Does everything under the label of cinema has to be completely original? Of course not, because otherwise we would not be able to enjoy precious little thing called genre. Genre works on the terms of archetypes, and, for added bonus, if we are lucky, it innovates or even creates them. “Golden Slumber” directed by Noh Dong-seok works as a stellar example: it is hardly original (actually, it is a second adaptation of the novel by Japanese writer Kotaro Isaka), but it is well-made and fun to watch. After a successful stretch in theatres world-wide, especially in East Asia, it is being shown at Florence Korea Film Festival.
It is a recognizable riff on the trope called “wrong man wanted”, with our unlikely hero Kim Gun-woo (played by Gang Dong-won seen in “Duelist”, “Master” and “1987”) being framed for assassination of a leading presidential candidate. Otherwise, he is a happy-go-lucky delivery guy who became a minor celebrity for being a model citizen and saving a K-Pop star from mugging, which might actually serve as a primary motive for framing him: the media would gobble up the sensational story of his fall from grace and would not go deep in the political or whatever background of the murder.
Framed but also warned by his high school friend and former bandmate he did not see for a while Moo-yeol (Yoon Kye-sang), Gun-woo has to run for his life against the seemingly omnipotent and omnipresent spy gang operating within the government. Everyone close to him either turns to be a traitor or dies in a brutal fashion by the hands of Gun-woo’s body double nicknamed Silicone, so he has no one to turn to except for maybe a Moo-yeol’s former secret agent buddy Mr. Min (Kim Eui-sung, best known for the role of the businessman Yon-suk in “Train to Busan”) who is, needless to say, quite a shady character.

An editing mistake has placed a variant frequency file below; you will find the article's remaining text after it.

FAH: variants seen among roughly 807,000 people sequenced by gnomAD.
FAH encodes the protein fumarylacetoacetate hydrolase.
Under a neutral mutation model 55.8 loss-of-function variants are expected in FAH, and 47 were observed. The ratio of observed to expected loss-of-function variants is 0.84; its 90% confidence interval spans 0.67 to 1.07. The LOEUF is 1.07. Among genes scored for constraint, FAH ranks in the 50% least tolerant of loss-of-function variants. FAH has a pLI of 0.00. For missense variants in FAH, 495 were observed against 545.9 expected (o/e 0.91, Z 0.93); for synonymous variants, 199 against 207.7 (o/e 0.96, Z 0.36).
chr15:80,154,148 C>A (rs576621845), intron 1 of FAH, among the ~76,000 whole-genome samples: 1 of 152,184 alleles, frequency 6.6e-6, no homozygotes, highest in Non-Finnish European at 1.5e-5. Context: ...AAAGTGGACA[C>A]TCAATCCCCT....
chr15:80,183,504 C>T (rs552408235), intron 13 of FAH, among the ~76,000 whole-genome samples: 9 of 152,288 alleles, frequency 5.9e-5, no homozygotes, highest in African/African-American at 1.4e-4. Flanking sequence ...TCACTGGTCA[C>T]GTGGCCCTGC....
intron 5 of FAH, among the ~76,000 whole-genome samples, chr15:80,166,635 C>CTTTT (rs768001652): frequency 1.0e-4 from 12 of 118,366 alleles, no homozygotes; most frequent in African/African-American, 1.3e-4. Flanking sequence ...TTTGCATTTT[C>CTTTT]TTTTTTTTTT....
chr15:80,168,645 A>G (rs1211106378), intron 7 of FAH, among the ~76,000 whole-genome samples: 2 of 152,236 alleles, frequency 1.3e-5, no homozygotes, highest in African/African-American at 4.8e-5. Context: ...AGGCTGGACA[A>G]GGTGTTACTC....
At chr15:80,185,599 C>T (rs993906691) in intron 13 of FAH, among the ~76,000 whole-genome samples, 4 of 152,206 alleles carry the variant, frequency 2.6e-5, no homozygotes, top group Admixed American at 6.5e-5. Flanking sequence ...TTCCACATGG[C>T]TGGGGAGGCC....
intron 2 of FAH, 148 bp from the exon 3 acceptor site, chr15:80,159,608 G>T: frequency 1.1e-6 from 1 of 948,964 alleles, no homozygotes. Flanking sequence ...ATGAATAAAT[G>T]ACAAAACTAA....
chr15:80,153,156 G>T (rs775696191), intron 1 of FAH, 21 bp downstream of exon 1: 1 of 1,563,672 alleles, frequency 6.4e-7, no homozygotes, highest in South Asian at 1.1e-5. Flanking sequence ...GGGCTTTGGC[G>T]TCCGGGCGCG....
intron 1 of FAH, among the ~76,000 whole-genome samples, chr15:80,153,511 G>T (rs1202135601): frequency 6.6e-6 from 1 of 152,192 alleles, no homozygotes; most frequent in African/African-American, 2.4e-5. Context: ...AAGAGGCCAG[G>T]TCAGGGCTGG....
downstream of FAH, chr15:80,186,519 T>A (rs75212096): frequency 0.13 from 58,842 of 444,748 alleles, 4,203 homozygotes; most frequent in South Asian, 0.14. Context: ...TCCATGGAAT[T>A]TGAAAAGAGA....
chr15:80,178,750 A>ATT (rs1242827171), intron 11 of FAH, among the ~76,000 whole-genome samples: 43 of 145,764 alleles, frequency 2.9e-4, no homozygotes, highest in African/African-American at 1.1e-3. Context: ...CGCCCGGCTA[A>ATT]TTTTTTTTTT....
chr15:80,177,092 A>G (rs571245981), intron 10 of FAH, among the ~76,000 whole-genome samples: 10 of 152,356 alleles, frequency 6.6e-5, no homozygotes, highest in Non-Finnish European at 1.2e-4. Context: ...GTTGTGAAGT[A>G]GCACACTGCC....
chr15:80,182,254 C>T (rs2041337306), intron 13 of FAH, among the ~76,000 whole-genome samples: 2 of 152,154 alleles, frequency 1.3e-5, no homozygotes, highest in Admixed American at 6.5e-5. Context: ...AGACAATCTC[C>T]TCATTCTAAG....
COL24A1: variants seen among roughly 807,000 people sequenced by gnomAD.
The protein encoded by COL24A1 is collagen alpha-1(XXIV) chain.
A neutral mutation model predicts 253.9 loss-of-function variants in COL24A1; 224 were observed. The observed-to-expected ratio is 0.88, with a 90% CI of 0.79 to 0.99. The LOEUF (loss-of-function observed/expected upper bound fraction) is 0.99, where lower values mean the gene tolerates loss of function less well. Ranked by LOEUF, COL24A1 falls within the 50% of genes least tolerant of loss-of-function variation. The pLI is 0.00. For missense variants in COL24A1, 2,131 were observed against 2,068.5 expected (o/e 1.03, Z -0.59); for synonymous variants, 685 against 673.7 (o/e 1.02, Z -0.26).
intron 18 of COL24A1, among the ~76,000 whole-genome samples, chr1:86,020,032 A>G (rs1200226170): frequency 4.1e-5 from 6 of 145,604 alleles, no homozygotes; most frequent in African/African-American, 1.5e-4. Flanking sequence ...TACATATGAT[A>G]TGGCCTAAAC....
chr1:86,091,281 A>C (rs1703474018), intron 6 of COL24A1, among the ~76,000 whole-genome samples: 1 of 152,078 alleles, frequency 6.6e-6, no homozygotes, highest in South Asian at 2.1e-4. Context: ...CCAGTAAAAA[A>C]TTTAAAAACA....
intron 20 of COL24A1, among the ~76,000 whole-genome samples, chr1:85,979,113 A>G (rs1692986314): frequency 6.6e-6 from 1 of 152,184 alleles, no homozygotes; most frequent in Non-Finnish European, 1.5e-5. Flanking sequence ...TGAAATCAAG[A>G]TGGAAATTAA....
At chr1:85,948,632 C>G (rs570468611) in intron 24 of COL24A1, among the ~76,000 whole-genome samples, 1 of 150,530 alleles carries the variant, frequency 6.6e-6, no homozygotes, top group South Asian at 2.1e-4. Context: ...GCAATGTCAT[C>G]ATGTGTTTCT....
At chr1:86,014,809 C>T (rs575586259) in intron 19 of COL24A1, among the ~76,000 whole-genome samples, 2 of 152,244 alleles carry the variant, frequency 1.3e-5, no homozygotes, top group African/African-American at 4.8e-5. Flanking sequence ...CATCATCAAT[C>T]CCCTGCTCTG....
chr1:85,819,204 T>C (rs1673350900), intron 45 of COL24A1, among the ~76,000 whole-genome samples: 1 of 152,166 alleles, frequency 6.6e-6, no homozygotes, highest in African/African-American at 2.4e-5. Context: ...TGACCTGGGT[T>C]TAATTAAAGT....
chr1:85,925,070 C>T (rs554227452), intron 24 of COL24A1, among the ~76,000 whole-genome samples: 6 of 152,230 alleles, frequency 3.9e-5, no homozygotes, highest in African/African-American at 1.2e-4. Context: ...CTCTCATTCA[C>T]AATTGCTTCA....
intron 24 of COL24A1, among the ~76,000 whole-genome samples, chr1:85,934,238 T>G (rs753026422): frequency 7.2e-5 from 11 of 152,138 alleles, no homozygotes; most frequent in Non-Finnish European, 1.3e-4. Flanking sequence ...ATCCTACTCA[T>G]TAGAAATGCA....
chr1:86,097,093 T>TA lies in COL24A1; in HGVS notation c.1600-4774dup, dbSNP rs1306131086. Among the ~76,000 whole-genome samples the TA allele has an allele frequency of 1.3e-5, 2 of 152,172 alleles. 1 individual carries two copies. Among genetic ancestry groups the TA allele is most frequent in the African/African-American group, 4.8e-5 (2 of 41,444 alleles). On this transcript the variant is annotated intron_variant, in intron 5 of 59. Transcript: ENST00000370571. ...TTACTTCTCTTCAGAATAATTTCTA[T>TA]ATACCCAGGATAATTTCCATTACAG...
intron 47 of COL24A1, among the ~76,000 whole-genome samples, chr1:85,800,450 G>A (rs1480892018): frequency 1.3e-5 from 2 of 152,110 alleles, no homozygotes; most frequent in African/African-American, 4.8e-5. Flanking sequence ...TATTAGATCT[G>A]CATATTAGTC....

In the meanwhile, the surviving bandmates, a computer repairman Geom-chul (Kim Seong-gyoon) and a divorce lawyer Dong-gyu (Kim Dae-myung), as well as his former girlfriend Sun-young (Han Hyo-joo of “The Beauty Inside” fame) who now works as a radio reporter, keep debating whether to help their friend or the government that is breathing down his neck. The title of the film has been taken from The Beatles song from their Abbey Road phase which the band used to cover in their “glory days”. We get to hear it as a bonus.
Compared to the previous Japanese screen version also titled “Golden Slumber”, directed by Yoshiro Nakamura in 2010, Noh’s one is tighter, with less digressive sub-plots, but also with two angles distinctive for Korean cinema. One is obsession with government surveillance, which is understandable having in mind both the Korean not so distant history of military dictatorship and the playbook of movie tropes according to which the mightier the enemy, the more we root for our hero. The other one is quick and smooth transition back and forth between breathtaking action directed and edited with precision and more relaxing genres of buddy comedy and melodrama about the power of friendship.
The acting is solid throughout, while the range of the emotions some of the characters have to cover is impressive. The actors respond to the challenge with considerable zest and it works, especially in the case of Gang Dong-won, whose transformations are brilliant. Also, the technical aspect of the film is so flawless that it is easy to forget about some minor script troubles.
Speaking of which, Noh treats the conspiracy in the same manner as the media in his film, never going deeper into the background why the spy syndicate had to remove the presidential candidate, while the other problem is more common for the sub-genre. The script is pretty arbitrary regarding the power of the agents who are all-mighty and all-knowing, until the point they have to screw something up really badly so our guy will get the chance. But never mind that, “Golden Slumber” is an effective action thriller with an emotional core and it is really fun to watch.